Freeman Cebu Entertainment

?Argylle’ is a spy comedy with way too many silly plot twists

Januar Junior Aguja - The Freeman

If you think you know everything about “Argylle” based on the trailer that was heavily played in theaters and online months before its January 31 release in Philippine cinemas, you are wrong. And not for the reasons that you think.

The latest spy comedy by “Kingsman” director Matthew Vaughn focuses on a spy novelist Elly Conway (played by Bryce Dallas Howard) who finds herself involved in a real-life mission after the story she depicted in her novels is dangerously close to an ongoing race-against-time operation and is being hunted down by a villainous organization headed by Ritter (Bryan Cranston).

Elly and her gray Scottish Fold cat Alfie are protected and guided by real spy Aidan (Sam Rockwell) who has been closely monitoring her since she first published the book that launched her into fame. Elly slowly discovers that her connection to what’s happening in the espionage world is much closer than a mere coincidence.

Taking place concurrently with the plot are the events depicted in the novel-within-the-movie as Elly taps into the mindset of her titular character (Henry Cavill) and his sidekick Wyatt (John Cena) on what they would do in these situations where Elly and Aidan are currently.

The film’s premise is strongly compelling and it’s sprinkled with a strong cast that also includes Dua Lipa, Samuel L. Jackson, Ariana DeBose, and Catherine O’Hara. Vaughn seems to have a strong knack for making these A-listers join these over-the-top spy actions thanks to his strong track record. You can always expect him to deliver some of the most stylistic, over-the-top scenes seen in his “Kingsman” and “Kick-Ass” films and it has nothing short of those.

However, what made “Argylle” fall apart was the amount of plot twists that felt too corny to the point that the story is a head-scratcher. The first plot twist is believable, but each revolution keeps getting too ridiculous to watch. It’s expected of Vaughn that his films would have a bit of absurdity, but they are usually well-executed, so, surprisingly, he missed the mark here.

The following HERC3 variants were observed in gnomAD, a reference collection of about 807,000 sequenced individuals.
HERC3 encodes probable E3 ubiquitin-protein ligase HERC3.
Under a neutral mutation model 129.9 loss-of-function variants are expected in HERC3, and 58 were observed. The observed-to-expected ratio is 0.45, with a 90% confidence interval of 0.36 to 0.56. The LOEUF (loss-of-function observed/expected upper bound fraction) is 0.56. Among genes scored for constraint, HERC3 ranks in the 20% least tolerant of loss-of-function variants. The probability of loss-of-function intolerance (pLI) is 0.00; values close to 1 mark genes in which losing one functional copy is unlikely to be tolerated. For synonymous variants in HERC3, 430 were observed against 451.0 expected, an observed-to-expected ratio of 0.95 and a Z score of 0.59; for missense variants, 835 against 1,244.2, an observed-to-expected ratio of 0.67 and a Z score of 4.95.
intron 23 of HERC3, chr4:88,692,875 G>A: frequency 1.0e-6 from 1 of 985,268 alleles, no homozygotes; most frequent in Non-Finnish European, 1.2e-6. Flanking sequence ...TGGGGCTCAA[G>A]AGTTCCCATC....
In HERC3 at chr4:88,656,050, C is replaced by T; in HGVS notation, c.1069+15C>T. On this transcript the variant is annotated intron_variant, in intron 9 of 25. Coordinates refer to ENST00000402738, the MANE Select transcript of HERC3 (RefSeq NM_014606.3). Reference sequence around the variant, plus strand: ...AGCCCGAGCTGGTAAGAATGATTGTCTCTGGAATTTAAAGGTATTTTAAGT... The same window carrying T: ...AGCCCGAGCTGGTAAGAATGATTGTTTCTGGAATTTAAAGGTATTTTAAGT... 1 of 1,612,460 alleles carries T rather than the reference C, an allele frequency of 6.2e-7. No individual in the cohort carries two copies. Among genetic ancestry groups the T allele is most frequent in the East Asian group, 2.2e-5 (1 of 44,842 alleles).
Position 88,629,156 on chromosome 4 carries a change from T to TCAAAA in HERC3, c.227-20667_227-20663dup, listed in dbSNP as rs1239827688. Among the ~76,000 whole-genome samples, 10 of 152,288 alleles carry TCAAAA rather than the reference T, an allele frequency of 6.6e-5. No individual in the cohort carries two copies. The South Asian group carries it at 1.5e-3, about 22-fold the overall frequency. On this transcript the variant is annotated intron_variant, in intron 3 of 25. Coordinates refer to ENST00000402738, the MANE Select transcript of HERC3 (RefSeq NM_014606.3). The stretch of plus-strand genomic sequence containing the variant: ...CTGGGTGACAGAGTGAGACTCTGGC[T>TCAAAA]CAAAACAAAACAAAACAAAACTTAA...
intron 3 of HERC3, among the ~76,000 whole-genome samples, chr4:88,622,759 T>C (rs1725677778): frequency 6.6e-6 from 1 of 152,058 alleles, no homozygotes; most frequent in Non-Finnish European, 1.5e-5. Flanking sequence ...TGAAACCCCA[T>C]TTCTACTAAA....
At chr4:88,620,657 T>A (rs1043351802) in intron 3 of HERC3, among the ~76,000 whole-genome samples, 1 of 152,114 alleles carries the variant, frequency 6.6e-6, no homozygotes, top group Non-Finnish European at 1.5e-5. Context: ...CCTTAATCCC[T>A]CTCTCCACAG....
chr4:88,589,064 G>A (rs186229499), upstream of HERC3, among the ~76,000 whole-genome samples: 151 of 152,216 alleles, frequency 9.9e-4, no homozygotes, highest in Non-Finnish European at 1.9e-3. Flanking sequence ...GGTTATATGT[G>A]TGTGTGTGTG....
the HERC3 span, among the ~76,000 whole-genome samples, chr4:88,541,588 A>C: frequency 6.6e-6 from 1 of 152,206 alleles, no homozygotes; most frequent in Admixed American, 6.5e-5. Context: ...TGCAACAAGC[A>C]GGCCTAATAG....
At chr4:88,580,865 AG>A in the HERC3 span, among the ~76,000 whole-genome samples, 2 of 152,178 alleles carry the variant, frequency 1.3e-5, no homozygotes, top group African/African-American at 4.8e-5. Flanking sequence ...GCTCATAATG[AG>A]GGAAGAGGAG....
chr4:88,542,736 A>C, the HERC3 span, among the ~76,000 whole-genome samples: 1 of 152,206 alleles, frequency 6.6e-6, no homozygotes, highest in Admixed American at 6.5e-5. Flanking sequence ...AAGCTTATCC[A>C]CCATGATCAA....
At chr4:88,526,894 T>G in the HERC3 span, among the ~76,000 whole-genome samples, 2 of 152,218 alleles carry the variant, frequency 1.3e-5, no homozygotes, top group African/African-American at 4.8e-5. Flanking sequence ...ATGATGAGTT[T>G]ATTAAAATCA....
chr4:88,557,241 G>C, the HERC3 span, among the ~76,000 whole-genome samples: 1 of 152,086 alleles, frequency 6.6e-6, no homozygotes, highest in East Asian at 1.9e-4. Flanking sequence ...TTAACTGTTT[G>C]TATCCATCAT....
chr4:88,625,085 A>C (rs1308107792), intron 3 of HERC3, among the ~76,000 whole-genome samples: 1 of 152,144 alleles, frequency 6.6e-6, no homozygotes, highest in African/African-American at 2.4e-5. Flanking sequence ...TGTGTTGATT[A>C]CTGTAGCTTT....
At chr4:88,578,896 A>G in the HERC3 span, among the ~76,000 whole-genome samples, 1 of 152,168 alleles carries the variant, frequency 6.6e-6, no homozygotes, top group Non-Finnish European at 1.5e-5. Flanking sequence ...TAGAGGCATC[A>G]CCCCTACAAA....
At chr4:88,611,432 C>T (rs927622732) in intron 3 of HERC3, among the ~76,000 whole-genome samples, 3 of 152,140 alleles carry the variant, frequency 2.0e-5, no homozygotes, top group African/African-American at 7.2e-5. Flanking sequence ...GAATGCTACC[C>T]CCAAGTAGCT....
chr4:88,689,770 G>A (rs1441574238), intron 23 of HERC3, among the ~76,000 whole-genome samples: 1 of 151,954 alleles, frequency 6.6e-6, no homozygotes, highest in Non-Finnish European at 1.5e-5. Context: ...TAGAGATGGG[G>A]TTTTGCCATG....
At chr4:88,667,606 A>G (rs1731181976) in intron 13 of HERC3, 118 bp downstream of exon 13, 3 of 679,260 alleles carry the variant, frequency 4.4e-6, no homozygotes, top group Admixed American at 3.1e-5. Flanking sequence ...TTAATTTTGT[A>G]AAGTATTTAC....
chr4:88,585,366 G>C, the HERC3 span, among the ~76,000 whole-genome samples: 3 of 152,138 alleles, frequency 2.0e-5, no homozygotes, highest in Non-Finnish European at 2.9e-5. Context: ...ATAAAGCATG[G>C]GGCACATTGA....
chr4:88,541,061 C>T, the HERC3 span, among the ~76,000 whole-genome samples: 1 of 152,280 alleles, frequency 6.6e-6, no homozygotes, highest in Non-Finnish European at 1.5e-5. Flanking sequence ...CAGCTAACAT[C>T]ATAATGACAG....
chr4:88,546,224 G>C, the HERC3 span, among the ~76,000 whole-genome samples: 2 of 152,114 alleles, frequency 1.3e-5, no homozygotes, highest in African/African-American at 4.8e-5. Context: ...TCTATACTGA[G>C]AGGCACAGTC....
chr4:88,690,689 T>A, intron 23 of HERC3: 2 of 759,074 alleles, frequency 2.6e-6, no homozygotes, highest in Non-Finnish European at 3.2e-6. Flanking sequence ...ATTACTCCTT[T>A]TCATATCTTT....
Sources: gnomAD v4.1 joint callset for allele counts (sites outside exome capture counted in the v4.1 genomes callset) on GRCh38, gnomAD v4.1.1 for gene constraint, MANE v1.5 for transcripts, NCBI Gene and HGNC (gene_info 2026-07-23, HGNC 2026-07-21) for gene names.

Howard is no stranger to the action genre, having appeared in the Jurassic World films with Chris Pratt and has directed a handful of episodes of the Star Wars series “The Mandalorian.” So it’s nice to see the actress performing some of the action scenes as the character progresses in consideration of her experience in the genre.

Another highlight is Henry Cavill where his scenes give justice to why he is an effective action star, something that the Superman films don’t often give justice to why he is deserving of one.

Since this was produced by Apple originally intended for their streaming service before tapping Universal Pictures as a distributor for its theatrical release, you can expect on-the-nose product placement of the tech company’s products such as the Mac computer and the iPhone. Thankfully, the trending Apple Vision Pro that was recently released isn’t featured here because the advertising would be too on-the-nose and would distract viewers, even though the tech has the potential to be used in an espionage story.

Without going into spoiler territory, the film attempts to establish connections with the Kingsman film franchise, implying that they take place within the same spy universe created by Vaughn. As they are made by different studios (The Kingsman franchise is distributed by Disney through 20th Century Pictures), it would be interesting to see how the logistics of a potential crossover would work out.

There are a lot of good ideas that “Argylle” can explore that could have made this film a memorable spy action comedy film and another stellar gem in Vaughn’s filmography. Unfortunately, it’s frustrating to see a compelling premise and a strong cast would go to waste with its puzzling execution due to its silly plot twists.

Best to wait for its release on Apple TV+ than to watch this on the big screen, which is a shame because the film is visually gorgeous but the plot isn’t worth a movie ticket, even with the cute Scottish Fold in the mix. Two stars out of five.

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